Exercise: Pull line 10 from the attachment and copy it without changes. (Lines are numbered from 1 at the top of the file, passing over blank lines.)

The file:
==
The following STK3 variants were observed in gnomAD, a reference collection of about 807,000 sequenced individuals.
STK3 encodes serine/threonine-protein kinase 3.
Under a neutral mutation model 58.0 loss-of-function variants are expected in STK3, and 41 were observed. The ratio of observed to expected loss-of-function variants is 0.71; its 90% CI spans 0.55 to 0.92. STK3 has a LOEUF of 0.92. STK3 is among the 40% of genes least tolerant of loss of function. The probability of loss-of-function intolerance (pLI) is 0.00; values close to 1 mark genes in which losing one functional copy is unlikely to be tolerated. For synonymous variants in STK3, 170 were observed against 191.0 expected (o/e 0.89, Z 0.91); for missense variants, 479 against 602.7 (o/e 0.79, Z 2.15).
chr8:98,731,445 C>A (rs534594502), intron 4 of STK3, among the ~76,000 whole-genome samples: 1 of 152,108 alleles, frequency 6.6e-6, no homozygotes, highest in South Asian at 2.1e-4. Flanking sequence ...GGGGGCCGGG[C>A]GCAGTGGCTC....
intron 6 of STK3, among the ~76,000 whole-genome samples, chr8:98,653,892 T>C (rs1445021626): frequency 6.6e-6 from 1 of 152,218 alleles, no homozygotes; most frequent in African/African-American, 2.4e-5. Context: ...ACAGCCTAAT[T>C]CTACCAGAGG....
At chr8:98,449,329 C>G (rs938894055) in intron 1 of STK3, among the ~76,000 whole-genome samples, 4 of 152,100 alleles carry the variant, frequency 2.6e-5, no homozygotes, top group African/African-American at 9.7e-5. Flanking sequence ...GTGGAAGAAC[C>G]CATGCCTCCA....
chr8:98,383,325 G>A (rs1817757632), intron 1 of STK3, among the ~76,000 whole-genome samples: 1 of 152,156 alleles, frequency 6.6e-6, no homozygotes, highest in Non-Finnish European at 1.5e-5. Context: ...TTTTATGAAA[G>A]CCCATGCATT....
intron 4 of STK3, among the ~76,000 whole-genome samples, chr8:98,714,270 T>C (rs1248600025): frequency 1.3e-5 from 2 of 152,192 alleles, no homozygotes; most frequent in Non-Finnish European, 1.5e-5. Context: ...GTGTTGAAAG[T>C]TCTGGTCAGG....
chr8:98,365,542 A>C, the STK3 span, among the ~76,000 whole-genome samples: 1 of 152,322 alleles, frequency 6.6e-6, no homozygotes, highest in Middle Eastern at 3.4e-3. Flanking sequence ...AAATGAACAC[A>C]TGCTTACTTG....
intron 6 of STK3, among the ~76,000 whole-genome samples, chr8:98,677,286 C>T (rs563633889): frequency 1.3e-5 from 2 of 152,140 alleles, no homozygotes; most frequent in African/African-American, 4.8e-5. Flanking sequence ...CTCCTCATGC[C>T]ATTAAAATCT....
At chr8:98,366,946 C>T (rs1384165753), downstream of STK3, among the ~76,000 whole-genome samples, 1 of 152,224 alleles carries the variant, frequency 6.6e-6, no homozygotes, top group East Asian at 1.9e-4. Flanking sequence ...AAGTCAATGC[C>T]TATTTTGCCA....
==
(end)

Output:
intron 6 of STK3, among the ~76,000 whole-genome samples, chr8:98,677,286 C>T (rs563633889): frequency 1.3e-5 from 2 of 152,140 alleles, no homozygotes; most frequent in African/African-American, 4.8e-5. Flanking sequence ...CTCCTCATGC[C>T]ATTAAAATCT....